Here are some of the players and what they are up to:
Beijing has pumped billions into infrastructure and mining projects. In 2009, China eclipsed the United States as Africa’s biggest trade partner; now, more than 10,000 Chinese-owned companies do business in Africa as part of a trade relationship estimated to be worth $200 billion a year.
United Arab Emirates
The U.A.E. had a military base in Eritrea until early this year and has jostled with other countries for control of ports along the Red Sea. The U.A.E. helped broker peace between Ethiopia and Eritrea in 2018, but more recently has been accused of providing armed drones to Ethiopia’s military for its campaign in the Tigray region.
Turkey is a major player in Somalia, training elite military units and making substantial investments in roads, hospitals, ports and the country’s main airport. Many wealthy Somalis now have second homes in Turkey.
The oil-rich Persian Gulf nation is also a force in Somalia, where the opposition and many foreign officials say it has offered financial support to the country’s president, Mohamed Abdullahi Mohamed.
Moscow is expanding across several countries, officially and unofficially. Since 2018, Kremlin-backed companies have sent mercenaries into the Central African Republic in exchange for diamond and gold mining concessions. Officials say Russia is also influencing events in Sudan, where it hopes to gain access for its warships to the port of Port Sudan.
When Secretary of State Antony J. Blinken arrives on Thursday in Nigeria, where he is scheduled to meet with President Muhammadu Buhari and deliver a speech on U.S. policy in Africa, the conventions of modern diplomacy hold that he should send a tweet.
But Twitter is banned in Nigeria, a sign of the limits to freedom of speech in Africa’s most populous nation.
Nigeria, often described as Africa’s biggest democracy, and the second stop on Mr. Blinken’s three-nation swing through the continent, is not one of the three countries in West Africa to have experienced coups in the past year. Neither is its president trying to change the Constitution to allow him to run for a third term, as has happened recently in several other countries in the region.
But rising insecurity and clampdowns on basic freedoms put democracy in Nigeria under threat. President Biden, during his election campaign, condemned the country’s government for endemic corruption, and for violently cracking down on demonstrators seeking more freedom for civil society.
When young Nigerians rose up last year to protest police brutality, in a movement known as EndSARS after a particularly violent police unit, security forces fired live ammunition at dozens of peaceful demonstrators. Mr. Blinken will arrive days after a leaked report identified 48 casualties, 11 of them confirmed dead, in what is known as the Lekki tollgate shooting.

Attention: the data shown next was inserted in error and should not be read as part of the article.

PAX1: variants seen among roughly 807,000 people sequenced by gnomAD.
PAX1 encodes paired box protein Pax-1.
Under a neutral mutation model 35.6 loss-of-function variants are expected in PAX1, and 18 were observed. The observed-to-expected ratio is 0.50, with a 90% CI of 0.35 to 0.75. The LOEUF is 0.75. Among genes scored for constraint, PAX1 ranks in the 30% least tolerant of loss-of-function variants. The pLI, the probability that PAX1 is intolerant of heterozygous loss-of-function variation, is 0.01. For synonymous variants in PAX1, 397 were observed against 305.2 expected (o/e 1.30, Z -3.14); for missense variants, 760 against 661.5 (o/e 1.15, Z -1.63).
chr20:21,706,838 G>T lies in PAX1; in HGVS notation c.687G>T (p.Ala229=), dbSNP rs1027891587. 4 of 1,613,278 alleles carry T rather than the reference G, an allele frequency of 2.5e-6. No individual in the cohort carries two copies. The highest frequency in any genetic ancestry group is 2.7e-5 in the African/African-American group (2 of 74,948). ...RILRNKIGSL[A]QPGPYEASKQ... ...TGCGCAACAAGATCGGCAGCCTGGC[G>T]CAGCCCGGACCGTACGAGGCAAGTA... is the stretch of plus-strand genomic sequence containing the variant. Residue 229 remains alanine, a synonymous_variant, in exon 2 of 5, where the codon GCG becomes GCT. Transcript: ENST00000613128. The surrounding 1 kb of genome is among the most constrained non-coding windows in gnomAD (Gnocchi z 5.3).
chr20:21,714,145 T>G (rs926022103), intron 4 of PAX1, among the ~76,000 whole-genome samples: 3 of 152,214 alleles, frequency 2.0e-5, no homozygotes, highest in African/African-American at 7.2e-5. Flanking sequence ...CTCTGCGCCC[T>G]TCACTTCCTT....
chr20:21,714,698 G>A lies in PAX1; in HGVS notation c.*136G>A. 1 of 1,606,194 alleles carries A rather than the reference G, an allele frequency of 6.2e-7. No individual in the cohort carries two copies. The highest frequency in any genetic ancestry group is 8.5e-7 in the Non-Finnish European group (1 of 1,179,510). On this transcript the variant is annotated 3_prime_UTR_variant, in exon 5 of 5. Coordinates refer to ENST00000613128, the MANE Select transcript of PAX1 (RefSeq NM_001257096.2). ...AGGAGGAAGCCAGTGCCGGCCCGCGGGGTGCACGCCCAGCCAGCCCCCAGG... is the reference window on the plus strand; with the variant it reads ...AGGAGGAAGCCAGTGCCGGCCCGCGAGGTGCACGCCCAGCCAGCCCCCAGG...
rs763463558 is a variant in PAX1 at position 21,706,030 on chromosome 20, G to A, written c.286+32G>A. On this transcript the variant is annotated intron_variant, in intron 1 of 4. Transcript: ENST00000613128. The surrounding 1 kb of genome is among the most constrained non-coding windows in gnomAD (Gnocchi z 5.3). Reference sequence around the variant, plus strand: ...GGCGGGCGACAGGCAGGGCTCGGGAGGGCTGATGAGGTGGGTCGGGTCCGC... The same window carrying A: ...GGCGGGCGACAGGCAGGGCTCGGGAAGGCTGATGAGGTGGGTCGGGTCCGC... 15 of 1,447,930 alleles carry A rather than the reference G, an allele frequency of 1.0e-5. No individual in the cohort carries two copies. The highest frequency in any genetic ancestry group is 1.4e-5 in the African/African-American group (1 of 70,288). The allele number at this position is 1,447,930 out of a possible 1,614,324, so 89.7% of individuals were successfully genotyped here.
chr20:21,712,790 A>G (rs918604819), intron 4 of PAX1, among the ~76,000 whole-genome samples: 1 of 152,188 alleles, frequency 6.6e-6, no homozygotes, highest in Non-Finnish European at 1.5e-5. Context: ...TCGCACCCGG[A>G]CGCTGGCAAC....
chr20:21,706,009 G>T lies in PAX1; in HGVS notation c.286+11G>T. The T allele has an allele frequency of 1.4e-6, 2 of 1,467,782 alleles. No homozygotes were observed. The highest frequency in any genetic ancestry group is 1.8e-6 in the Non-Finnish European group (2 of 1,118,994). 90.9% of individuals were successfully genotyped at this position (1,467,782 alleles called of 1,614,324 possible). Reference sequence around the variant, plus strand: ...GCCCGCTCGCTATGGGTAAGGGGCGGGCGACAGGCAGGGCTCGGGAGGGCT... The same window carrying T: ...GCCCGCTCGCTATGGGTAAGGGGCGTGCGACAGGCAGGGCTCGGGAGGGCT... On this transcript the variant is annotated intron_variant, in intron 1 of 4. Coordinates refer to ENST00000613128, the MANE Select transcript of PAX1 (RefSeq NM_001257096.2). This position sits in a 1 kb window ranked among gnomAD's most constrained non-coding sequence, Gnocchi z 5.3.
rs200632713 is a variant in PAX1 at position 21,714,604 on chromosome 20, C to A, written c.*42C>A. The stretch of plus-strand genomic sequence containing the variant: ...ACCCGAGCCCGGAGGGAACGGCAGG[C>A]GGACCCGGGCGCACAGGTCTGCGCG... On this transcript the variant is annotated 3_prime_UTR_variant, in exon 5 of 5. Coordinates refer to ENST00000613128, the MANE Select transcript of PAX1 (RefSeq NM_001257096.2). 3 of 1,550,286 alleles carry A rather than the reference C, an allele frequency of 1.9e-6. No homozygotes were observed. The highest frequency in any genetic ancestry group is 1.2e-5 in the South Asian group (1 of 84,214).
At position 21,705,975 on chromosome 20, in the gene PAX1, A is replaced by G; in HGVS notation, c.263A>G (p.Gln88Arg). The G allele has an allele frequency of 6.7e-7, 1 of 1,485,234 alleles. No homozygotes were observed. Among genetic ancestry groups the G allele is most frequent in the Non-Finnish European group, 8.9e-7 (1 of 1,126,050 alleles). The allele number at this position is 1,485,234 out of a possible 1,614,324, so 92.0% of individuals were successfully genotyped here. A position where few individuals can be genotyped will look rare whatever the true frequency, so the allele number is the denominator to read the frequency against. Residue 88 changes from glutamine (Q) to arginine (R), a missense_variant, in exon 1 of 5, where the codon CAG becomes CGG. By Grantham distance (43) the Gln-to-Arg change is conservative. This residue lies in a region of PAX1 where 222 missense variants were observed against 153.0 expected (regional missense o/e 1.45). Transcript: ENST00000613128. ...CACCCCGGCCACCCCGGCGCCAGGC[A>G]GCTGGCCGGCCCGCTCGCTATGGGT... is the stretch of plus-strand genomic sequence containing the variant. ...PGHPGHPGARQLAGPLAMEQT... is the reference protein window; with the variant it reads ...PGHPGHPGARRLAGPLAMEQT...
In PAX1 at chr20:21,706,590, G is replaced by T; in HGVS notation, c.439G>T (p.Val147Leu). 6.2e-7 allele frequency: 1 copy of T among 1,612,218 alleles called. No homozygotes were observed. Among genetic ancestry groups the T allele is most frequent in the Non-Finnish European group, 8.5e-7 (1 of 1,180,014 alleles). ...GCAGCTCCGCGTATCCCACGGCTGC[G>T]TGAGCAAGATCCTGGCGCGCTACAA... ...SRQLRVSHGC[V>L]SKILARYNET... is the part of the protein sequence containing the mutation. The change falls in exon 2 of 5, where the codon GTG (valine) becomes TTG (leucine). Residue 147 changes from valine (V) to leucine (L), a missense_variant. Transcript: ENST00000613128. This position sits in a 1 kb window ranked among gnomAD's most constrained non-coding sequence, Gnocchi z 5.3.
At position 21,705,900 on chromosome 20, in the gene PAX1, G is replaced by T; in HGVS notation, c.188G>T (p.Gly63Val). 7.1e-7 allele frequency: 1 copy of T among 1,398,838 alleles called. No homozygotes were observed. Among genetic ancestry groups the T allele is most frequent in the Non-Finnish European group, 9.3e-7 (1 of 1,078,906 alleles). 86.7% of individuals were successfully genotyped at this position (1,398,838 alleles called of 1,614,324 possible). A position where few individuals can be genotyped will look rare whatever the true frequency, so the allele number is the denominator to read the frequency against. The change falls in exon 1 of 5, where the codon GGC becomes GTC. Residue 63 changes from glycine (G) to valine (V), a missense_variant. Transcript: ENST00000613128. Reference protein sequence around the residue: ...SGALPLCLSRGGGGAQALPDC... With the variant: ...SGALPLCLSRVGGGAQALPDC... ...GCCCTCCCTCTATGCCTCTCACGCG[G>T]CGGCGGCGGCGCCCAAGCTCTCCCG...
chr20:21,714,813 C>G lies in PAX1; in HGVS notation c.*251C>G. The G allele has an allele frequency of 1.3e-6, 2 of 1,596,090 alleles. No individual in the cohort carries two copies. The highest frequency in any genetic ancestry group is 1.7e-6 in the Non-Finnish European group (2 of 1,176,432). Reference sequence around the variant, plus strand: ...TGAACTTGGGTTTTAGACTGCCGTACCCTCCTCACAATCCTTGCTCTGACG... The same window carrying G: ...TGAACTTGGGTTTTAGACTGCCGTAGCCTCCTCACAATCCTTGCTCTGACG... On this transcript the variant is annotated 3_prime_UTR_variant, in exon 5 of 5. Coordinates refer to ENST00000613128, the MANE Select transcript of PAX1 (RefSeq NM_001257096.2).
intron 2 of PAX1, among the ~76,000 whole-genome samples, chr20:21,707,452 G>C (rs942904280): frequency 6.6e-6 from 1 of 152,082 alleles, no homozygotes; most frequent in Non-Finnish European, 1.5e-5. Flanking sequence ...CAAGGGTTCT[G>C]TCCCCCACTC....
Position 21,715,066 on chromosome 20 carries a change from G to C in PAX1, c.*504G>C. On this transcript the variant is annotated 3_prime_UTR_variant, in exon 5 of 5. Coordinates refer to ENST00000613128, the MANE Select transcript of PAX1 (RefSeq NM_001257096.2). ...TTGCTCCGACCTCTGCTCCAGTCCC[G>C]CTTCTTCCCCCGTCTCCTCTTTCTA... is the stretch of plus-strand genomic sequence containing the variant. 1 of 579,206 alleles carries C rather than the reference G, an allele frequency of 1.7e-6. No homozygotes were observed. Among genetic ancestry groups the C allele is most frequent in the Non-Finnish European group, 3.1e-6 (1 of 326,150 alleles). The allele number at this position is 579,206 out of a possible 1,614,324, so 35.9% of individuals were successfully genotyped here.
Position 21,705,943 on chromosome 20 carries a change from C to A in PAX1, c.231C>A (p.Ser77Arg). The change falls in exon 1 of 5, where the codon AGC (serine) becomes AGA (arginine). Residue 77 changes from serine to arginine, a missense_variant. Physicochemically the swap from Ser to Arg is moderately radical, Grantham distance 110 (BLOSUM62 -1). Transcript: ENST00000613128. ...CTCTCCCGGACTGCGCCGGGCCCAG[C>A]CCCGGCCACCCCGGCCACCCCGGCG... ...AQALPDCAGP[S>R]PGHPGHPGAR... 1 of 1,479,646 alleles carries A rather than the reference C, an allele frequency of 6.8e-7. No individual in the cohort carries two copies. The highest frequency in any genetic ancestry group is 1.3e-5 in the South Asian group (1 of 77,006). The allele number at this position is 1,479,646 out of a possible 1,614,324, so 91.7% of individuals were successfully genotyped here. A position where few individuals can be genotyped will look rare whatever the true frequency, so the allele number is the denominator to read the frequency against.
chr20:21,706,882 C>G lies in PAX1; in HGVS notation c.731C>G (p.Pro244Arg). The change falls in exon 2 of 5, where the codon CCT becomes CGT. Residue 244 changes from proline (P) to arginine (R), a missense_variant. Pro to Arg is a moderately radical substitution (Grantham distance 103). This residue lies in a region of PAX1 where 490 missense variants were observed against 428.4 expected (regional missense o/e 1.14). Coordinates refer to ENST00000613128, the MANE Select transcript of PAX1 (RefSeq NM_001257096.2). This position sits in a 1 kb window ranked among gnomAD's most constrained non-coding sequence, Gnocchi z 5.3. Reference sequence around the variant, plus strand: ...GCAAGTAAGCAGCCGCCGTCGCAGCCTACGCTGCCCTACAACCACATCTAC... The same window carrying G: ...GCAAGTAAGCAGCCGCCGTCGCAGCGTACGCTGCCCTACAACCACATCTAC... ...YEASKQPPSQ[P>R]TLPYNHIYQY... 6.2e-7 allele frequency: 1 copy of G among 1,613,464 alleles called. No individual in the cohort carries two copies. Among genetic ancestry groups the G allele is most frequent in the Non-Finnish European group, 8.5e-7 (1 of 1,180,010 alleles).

It is a delicate issue for Mr. Blinken because the United States is helping to arm Nigeria’s security forces to help combat extremist groups, including Islamic State West Africa Province, a group loosely affiliated with ISIS. This summer, the United States delivered 12 Super Tucano military aircraft to Nigeria, in a sale that lawmakers in Congress had delayed over human rights concerns. Another agreement, to sell U.S. attack helicopters, is on hold.
Despite the military deals, what Africa needs more from the United States is investment in infrastructure, Mr. Buhari argued in a recent opinion essay. That would help create jobs for an exploding youth population that is otherwise a target for recruitment by extremist groups.
“The boots we need on the ground are those of constructors, not the military,” he wrote.
However, Mr. Blinken’s remarks on democracy will not be directed at any one country, his aides have said.
Africans overwhelmingly support presidential term limits, the survey group Afrobarometer has found, yet many of the continent’s presidents have circumvented or eliminated them.
In the meantime, if Mr. Blinken wants to tweet from Nigeria, he may have to resort to the workaround employed by millions of Nigerians — a virtual private network, or V.P.N.
Secretary of State Antony J. Blinken opened his visit to Kenya by meeting on Wednesday with civil society leaders in Nairobi, the capital, encouraging them to keep up the fight to defend democracy.
“Not just in Kenya, but around the world, you’ve seen over the last decade or so what some have called a democratic recession,” Mr. Blinken said. “Even vibrant democracies like Kenya are experiencing these pressures, especially around election time.”